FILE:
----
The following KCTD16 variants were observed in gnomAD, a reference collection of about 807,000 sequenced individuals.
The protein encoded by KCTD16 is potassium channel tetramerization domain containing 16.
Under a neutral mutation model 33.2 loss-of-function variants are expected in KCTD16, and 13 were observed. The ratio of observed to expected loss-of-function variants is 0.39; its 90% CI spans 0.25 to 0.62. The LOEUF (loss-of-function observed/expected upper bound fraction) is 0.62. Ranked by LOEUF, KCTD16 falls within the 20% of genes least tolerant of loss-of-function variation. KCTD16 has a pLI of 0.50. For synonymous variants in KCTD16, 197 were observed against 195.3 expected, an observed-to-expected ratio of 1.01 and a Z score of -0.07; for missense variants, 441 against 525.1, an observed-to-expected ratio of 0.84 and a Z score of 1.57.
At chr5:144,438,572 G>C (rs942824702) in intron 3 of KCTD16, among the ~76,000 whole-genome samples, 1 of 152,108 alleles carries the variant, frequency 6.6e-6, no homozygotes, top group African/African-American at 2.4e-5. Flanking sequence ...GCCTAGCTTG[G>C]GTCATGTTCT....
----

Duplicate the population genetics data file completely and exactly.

The following KCTD16 variants were observed in gnomAD, a reference collection of about 807,000 sequenced individuals.
The protein encoded by KCTD16 is potassium channel tetramerization domain containing 16.
Under a neutral mutation model 33.2 loss-of-function variants are expected in KCTD16, and 13 were observed. The ratio of observed to expected loss-of-function variants is 0.39; its 90% CI spans 0.25 to 0.62. The LOEUF (loss-of-function observed/expected upper bound fraction) is 0.62. Ranked by LOEUF, KCTD16 falls within the 20% of genes least tolerant of loss-of-function variation. KCTD16 has a pLI of 0.50. For synonymous variants in KCTD16, 197 were observed against 195.3 expected, an observed-to-expected ratio of 1.01 and a Z score of -0.07; for missense variants, 441 against 525.1, an observed-to-expected ratio of 0.84 and a Z score of 1.57.
At chr5:144,438,572 G>C (rs942824702) in intron 3 of KCTD16, among the ~76,000 whole-genome samples, 1 of 152,108 alleles carries the variant, frequency 6.6e-6, no homozygotes, top group African/African-American at 2.4e-5. Flanking sequence ...GCCTAGCTTG[G>C]GTCATGTTCT....